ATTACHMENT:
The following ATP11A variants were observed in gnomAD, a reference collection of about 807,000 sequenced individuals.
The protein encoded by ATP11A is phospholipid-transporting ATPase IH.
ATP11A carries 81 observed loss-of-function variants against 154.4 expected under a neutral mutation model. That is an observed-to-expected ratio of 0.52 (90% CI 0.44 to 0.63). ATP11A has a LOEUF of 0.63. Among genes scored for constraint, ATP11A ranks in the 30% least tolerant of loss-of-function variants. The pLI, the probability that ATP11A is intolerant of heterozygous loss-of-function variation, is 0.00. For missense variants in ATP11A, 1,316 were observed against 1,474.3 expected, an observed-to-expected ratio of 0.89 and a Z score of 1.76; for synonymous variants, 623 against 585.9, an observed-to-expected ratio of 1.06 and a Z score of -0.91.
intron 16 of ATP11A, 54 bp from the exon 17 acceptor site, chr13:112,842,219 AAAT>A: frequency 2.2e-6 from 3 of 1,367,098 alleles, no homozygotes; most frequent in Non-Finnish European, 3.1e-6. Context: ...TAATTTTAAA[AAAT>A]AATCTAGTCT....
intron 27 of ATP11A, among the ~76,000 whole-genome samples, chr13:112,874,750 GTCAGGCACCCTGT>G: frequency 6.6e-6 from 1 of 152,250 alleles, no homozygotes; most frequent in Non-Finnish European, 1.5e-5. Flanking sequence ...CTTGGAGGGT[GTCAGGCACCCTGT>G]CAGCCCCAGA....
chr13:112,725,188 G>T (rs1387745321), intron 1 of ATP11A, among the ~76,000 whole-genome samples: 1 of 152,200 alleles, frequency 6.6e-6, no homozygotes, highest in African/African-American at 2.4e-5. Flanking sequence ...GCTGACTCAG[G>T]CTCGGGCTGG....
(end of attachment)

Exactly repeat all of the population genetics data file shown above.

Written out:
The following ATP11A variants were observed in gnomAD, a reference collection of about 807,000 sequenced individuals.
The protein encoded by ATP11A is phospholipid-transporting ATPase IH.
ATP11A carries 81 observed loss-of-function variants against 154.4 expected under a neutral mutation model. That is an observed-to-expected ratio of 0.52 (90% CI 0.44 to 0.63). ATP11A has a LOEUF of 0.63. Among genes scored for constraint, ATP11A ranks in the 30% least tolerant of loss-of-function variants. The pLI, the probability that ATP11A is intolerant of heterozygous loss-of-function variation, is 0.00. For missense variants in ATP11A, 1,316 were observed against 1,474.3 expected, an observed-to-expected ratio of 0.89 and a Z score of 1.76; for synonymous variants, 623 against 585.9, an observed-to-expected ratio of 1.06 and a Z score of -0.91.
intron 16 of ATP11A, 54 bp from the exon 17 acceptor site, chr13:112,842,219 AAAT>A: frequency 2.2e-6 from 3 of 1,367,098 alleles, no homozygotes; most frequent in Non-Finnish European, 3.1e-6. Context: ...TAATTTTAAA[AAAT>A]AATCTAGTCT....
intron 27 of ATP11A, among the ~76,000 whole-genome samples, chr13:112,874,750 GTCAGGCACCCTGT>G: frequency 6.6e-6 from 1 of 152,250 alleles, no homozygotes; most frequent in Non-Finnish European, 1.5e-5. Flanking sequence ...CTTGGAGGGT[GTCAGGCACCCTGT>G]CAGCCCCAGA....
chr13:112,725,188 G>T (rs1387745321), intron 1 of ATP11A, among the ~76,000 whole-genome samples: 1 of 152,200 alleles, frequency 6.6e-6, no homozygotes, highest in African/African-American at 2.4e-5. Flanking sequence ...GCTGACTCAG[G>T]CTCGGGCTGG....